We can't do better than Cannon in summarizing his article:
In their rush to label Ted Cruz a liar, PolitiFact ignored economic theory, ignored economic consensus, ignored problems with the evidence they had amassed, ignored that some of the evidence they collected supports Cruz, ignored reams of anecdotal evidence, and dismissed Congressional Budget Office projections based on nothing more than a subjective and arbitrary distinction PolitiFact themselves invented.But the summary's even better accompanied by the details, so please visit Forbes to read the whole thing.
Especially damning is PolitiFact's omission of Congressional Budget Office projections of labor loss as a result of the Affordable Care Act. PolitiFact's fact-check of Cruz does not mention the CBO but links to earlier PolitiFact fact checks dealing with the CBO's projections. Cannon succinctly explains the problem with PolitiFact's spin on the CBO's reports.
Our post just before this one talks about examining whether PolitiFact's corrections benefit Democrats more than Republicans. The other side of that coin whether PolitiFact acts more readily in response to strong criticisms from the left or from the right.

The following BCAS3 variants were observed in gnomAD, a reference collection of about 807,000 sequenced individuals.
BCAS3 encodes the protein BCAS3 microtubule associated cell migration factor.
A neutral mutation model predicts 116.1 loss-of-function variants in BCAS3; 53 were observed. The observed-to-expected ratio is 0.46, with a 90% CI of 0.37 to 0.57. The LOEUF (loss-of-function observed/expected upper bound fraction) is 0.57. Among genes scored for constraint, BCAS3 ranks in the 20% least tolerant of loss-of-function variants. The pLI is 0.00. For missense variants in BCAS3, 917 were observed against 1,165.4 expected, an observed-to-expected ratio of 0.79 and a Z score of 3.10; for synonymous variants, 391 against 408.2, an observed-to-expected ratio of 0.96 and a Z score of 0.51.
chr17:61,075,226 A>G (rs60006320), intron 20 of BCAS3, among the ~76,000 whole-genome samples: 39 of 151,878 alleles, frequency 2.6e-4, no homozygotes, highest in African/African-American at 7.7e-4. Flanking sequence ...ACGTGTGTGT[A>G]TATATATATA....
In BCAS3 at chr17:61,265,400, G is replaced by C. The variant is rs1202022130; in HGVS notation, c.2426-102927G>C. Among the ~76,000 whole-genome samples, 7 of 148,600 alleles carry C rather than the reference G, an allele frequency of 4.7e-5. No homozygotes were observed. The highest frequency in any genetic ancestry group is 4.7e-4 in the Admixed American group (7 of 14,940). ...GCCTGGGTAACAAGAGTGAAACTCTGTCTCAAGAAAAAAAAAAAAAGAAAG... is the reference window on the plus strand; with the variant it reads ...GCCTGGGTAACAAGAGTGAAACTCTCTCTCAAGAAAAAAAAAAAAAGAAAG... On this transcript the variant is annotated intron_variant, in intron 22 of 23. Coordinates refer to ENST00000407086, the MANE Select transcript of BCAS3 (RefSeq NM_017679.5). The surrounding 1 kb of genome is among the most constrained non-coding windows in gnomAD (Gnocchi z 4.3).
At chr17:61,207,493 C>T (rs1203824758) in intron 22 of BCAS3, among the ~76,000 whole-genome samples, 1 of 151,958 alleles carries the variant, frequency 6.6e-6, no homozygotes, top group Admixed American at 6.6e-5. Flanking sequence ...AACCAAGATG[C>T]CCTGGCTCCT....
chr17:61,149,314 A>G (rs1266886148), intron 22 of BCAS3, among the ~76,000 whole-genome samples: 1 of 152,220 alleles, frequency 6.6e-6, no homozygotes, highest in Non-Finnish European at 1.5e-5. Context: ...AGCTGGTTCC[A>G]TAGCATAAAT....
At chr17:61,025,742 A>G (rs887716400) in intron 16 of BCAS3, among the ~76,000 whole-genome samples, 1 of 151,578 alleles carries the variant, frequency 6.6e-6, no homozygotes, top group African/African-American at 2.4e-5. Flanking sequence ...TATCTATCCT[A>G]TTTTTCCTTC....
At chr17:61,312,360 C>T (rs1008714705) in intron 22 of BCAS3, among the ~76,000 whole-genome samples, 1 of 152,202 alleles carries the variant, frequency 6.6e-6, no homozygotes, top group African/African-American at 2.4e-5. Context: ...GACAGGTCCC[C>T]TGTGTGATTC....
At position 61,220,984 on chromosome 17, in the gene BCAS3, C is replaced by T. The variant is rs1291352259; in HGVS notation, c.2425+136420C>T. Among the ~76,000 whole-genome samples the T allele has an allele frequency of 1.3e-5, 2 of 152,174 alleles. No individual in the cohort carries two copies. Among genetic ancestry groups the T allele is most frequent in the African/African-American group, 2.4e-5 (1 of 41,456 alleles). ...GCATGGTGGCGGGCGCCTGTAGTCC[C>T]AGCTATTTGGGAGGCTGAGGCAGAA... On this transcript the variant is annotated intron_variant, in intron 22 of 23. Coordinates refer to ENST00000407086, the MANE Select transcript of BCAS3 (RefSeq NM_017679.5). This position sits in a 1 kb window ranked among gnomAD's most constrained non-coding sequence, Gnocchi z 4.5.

Here's betting PolitiFact will run no correction as a result of Cannon's criticisms. Indeed, we deem it very unlikely that PolitiFact will even publicly note Cannon's criticism.
That's just how PolitiFact rolls.
We can't resist attaching this howler from PolitiFact's fact check of Cruz.
Did you know the Affordable Care Act is actually a job creator? Read (bold emphasis added):
All of the job numbers have moved in a positive direction since April 2010, the first full month after President Barack Obama signed the bill into law. The unemployment rate has moved steadily from 9.9 percent to 5 percent. The economy has added about 10.7 million jobs. And the number of working people who have part-time work but would rather have full-time work has fallen by nearly 3 million. There was a brief rise in that number between April and September 2010, but the longer term trend is clearly one of decline.Yes, ladies and gentlemen, that's PolitiFact arguing that correlation is evidence of causation despite the involvement of multiple causes. PolitiFact says that's a sin when conservative politicians do it.
That’s not to say the Affordable Care Act deserves all the credit. The fact is many factors drive the labor market and the overall recovery from the Great Recession is the dominant player in this regard.
It's still sinful but not as much so when liberal politicians do it (research project is underway).
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